Misdemeanor and Felony Impaired Driving Arrests Spike in Minnesota

After years of seeing a steady decline in impaired driving arrests across the state, Minnesota has seen a five percent increase within the last year.

Impaired Driving on the Rise

In 2019, the number of Minnesota impaired driving arrests spiked, increasing arrests by 5 percent from the previous year. According to reports, 28,000 Minnesota drivers were cited for some type of impaired driving in 2019, and many were arrested on misdemeanor and felony charges. According to state officials and law enforcement, the rise in Minnesota DWI arrests is contributed to a rise in drunk driving, as well as a rise in the use of drugs such as marijuana, cocaine, and opioids.

In 2006, the number of impaired driving arrests reach a peak of 42,000, then declined over the next 10 years before beginning to rise again. The Minnesota Department of Public Safety attributes the recent rise in arrests to vigorous efforts of law enforcement and changes in state laws. Department officials credit law enforcement with improved methods for detection and arrests of impaired drivers, particularly drug-impaired drivers. 

According to the department’s public safety data, between 2013 and 2017 the number of arrests for drug-impaired drivers was 78 percent higher than in previous years. Prior to 2018, police making DWI stops were required to determine the specific substance impairing a driver before they could make an arrest. Recent legislative changes have made it easier for police to make arrests by determining impairment on the scene.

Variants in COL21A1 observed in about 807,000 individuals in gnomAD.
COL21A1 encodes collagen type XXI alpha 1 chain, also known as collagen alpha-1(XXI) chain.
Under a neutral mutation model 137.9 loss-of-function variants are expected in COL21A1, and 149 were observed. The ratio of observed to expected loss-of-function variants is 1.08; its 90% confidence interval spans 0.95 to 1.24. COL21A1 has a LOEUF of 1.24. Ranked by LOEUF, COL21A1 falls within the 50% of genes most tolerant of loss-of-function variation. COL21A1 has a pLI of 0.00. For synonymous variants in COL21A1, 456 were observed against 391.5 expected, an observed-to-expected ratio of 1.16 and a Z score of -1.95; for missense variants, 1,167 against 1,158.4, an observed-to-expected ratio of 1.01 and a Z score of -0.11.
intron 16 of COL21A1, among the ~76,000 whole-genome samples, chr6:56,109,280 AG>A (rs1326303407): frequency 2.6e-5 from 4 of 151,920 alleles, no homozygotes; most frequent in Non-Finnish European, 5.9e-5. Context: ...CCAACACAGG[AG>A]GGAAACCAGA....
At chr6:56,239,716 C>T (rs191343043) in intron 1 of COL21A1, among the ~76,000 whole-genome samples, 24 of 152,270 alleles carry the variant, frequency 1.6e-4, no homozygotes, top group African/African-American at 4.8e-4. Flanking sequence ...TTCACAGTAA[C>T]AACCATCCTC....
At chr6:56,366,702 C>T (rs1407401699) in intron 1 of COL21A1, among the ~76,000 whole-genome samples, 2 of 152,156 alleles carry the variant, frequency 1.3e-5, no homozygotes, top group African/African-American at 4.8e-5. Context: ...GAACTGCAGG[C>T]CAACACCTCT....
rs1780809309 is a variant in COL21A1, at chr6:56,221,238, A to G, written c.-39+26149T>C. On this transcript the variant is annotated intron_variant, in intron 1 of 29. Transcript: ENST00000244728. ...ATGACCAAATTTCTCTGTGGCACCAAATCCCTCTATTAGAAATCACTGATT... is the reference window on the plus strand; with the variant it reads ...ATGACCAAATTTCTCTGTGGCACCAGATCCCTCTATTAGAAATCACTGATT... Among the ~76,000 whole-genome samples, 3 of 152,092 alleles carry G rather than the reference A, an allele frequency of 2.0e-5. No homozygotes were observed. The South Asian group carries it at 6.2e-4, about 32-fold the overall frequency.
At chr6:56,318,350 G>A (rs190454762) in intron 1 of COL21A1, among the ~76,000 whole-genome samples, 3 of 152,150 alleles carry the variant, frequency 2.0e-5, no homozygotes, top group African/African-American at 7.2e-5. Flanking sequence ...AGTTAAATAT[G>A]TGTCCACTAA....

DWI Penalties

Minnesota DWI arrests can be classified as misdemeanor and felony offenses, depending on aggravating factors including the level of impairment and number of injuries caused by the DWI.


Offenders who have no aggravating factors will be charged with a 4th-degree misdemeanor with fines up to $1,000 and possible jail time up to 90 days. A 2nd-degree or 3rd-degree offense is classified as a gross misdemeanor which carries harsher punishments, fines up to a $3000 and jail time up to one year.


Offenders who have at least three aggravating factors will be charged with a felony DWI in Minnesota. Classified as a 1st-degree felony, offenders will face severe penalties including fines up to $14,000 and possible jail time up to seven years.

In Minnesota, DWIs are serious offenses that require a criminal defense lawyer in Minneapolis who can fight for reduced criminal charges and participation in state programs that may help to minimize or avoid jail time.

Max Keller has won countless jury trial cases involving misdemeanors and felonies, sex crimes, and DWI’s. He is a member of the Minnesota Society for Criminal Justice, which only allows the top 50 criminal defense attorneys in the state as members. Max is a frequent speaker at CLE’s and is often asked for advice by other defense attorneys across Minnesota.

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